The Equal Employment Opportunity Commission (EEOC) has published its final rule permitting employers to coordinate retiree health benefits with eligibility for Medicare or comparable state health benefits programs.
The Equal Employment Opportunity Commission (EEOC) has published its final rule permitting employers to coordinate retiree health benefits with eligibility for Medicare or comparable state health benefits programs. See 29 CFR Parts 1625 and 1627. Specifically, the rule creates a narrow exemption from the Age Discrimination in Employment Act (ADEA) for such plans. The rule does not otherwise affect an employer's ability to offer health or other employment benefits to retirees, consistent with the law.
Although employers are not legally required to offer retiree health benefits, some employers do so. Frequently, employers coordinate their retiree health plans with Medicare or comparable state health benefits programs, for example by offering a “carve-out” plan that reduces the benefits payable under the employer’s health plan by the amount payable by Medicare or a state plan. The new rule provides that this practice does not violate the ADEA.
The legality of such “carve-out” plans, and other plans that reduce or alter retiree health benefits when the retiree becomes eligible for Medicare or a comparable state plan, was brought into question by the Third Circuit Court of Appeals in its 2000 decision in Erie County Retirees Ass’n v. County of Erie. In that case, the Third Circuit held that an employer violated the ADEA if it reduced or eliminated retiree health benefits when retirees became eligible for Medicare, unless the employer could show either that the benefits available to Medicare-eligible retirees were equivalent to the benefits provided to retirees not yet eligible for Medicare or that it was expending the same costs for both groups of retirees.
The EEOC adopted this position in its compliance manual. However, the agency subsequently received comments indicating that the showing required by the Erie County decision caused many employers to either eliminate retiree health benefits entirely or reduce the coverage provided to retirees not yet eligible for Medicare. The EEOC then published a notice of proposed rulemaking in which it proposed to create a narrow exception to the ADEA for the practice of coordinating retiree health benefits with eligibility for Medicare or a comparable state program.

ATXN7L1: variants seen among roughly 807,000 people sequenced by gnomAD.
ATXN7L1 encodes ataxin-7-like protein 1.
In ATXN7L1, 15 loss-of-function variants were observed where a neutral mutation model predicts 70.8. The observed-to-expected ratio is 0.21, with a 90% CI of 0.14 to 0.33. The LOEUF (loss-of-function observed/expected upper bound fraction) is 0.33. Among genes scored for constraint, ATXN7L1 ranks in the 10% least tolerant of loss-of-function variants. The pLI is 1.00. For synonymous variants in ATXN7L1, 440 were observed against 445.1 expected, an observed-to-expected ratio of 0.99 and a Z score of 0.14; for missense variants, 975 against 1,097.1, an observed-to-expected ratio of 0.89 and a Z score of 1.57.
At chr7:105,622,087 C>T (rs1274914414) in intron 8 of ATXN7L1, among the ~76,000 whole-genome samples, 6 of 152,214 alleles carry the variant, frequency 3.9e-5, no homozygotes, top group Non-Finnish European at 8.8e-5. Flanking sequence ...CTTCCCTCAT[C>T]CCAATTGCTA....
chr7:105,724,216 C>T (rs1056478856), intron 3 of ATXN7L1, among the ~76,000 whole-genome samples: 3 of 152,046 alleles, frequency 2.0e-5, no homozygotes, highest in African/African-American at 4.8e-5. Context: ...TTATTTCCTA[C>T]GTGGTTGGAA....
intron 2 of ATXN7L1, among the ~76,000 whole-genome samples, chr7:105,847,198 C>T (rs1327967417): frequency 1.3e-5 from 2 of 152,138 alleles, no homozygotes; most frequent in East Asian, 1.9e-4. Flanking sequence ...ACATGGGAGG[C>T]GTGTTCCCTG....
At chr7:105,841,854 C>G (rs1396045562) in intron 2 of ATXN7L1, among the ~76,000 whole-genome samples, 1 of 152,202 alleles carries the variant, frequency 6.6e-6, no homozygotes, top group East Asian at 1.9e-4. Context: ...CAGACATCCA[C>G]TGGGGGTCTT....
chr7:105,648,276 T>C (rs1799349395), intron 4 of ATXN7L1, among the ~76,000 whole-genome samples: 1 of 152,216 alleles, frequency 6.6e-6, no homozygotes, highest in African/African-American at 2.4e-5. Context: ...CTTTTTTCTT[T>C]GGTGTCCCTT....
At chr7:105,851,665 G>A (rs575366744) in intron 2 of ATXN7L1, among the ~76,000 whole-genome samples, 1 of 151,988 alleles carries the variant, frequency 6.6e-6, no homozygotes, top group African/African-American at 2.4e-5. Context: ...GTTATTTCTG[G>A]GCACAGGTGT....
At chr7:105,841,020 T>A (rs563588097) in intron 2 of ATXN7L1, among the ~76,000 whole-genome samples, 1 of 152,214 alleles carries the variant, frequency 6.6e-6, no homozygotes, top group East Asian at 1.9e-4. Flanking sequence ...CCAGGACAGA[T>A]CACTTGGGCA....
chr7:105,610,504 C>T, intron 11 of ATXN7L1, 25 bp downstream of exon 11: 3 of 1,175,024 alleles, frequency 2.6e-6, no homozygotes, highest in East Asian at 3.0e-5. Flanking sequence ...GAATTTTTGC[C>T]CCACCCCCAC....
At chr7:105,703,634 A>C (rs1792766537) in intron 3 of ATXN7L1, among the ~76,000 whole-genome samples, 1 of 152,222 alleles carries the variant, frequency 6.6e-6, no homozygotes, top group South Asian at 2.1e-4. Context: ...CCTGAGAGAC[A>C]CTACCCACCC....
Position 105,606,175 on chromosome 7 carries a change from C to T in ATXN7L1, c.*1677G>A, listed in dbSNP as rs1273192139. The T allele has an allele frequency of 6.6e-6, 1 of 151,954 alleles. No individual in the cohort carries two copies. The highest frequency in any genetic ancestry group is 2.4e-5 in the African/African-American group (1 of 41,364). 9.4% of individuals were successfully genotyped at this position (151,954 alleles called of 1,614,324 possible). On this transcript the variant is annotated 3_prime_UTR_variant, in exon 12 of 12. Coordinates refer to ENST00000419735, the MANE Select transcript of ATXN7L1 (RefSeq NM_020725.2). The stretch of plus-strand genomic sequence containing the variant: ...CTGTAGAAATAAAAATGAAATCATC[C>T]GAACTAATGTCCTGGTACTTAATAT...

The AARP sued to stop the EEOC from publishing the final rule; however, the Third Circuit recently ruled that the agency can publish the rule. Accordingly, the EEOC published the final rule in the December 26 Federal Register.
The final rule is almost identical to the proposed rule, with certain modifications made in response to comments received on the proposed rule. The EEOC’s new rule states, “[s]ome employee benefit plans provide health benefits for retired participants that are altered, reduced or eliminated when the participant is eligible for Medicare health benefits or for health benefits under a comparable State health benefit plan, whether or not the participant actually enrolls in the other benefit program.” The rule further provides, “it is hereby found necessary and proper in the public interest to exempt from all prohibitions of the Act such coordination of retiree health benefits with Medicare or a comparable State health benefit plan.”
The EEOC has provided a question and answer section with the rule. Some key factors of the rule can be derived from the rule’s language, the EEOC’s comments to the rule, and the question and answer section:
The rule is to be narrowly construed;
No other aspects of ADEA coverage or employee benefits are affected by the exemption;
The rule applies only to coordination with Medicare and comparable state plans, not other types of governmental programs, such as Medicaid;
The rule only applies to health benefit plans, not other types of benefit plans such as life insurance or disability benefits;
The rule applies only to retirees, not current employees.
The final rule is available at: http://www.gpoaccess.gov/fr/index.html. After accessing the web site, click on the browse tab and select back issues, December 26, 2007. If you have any questions regarding the new rule or any other employee benefits issues, please contact any member of Ford & Harrison’sEmployee Benefits and Executive Compensation Practice Group.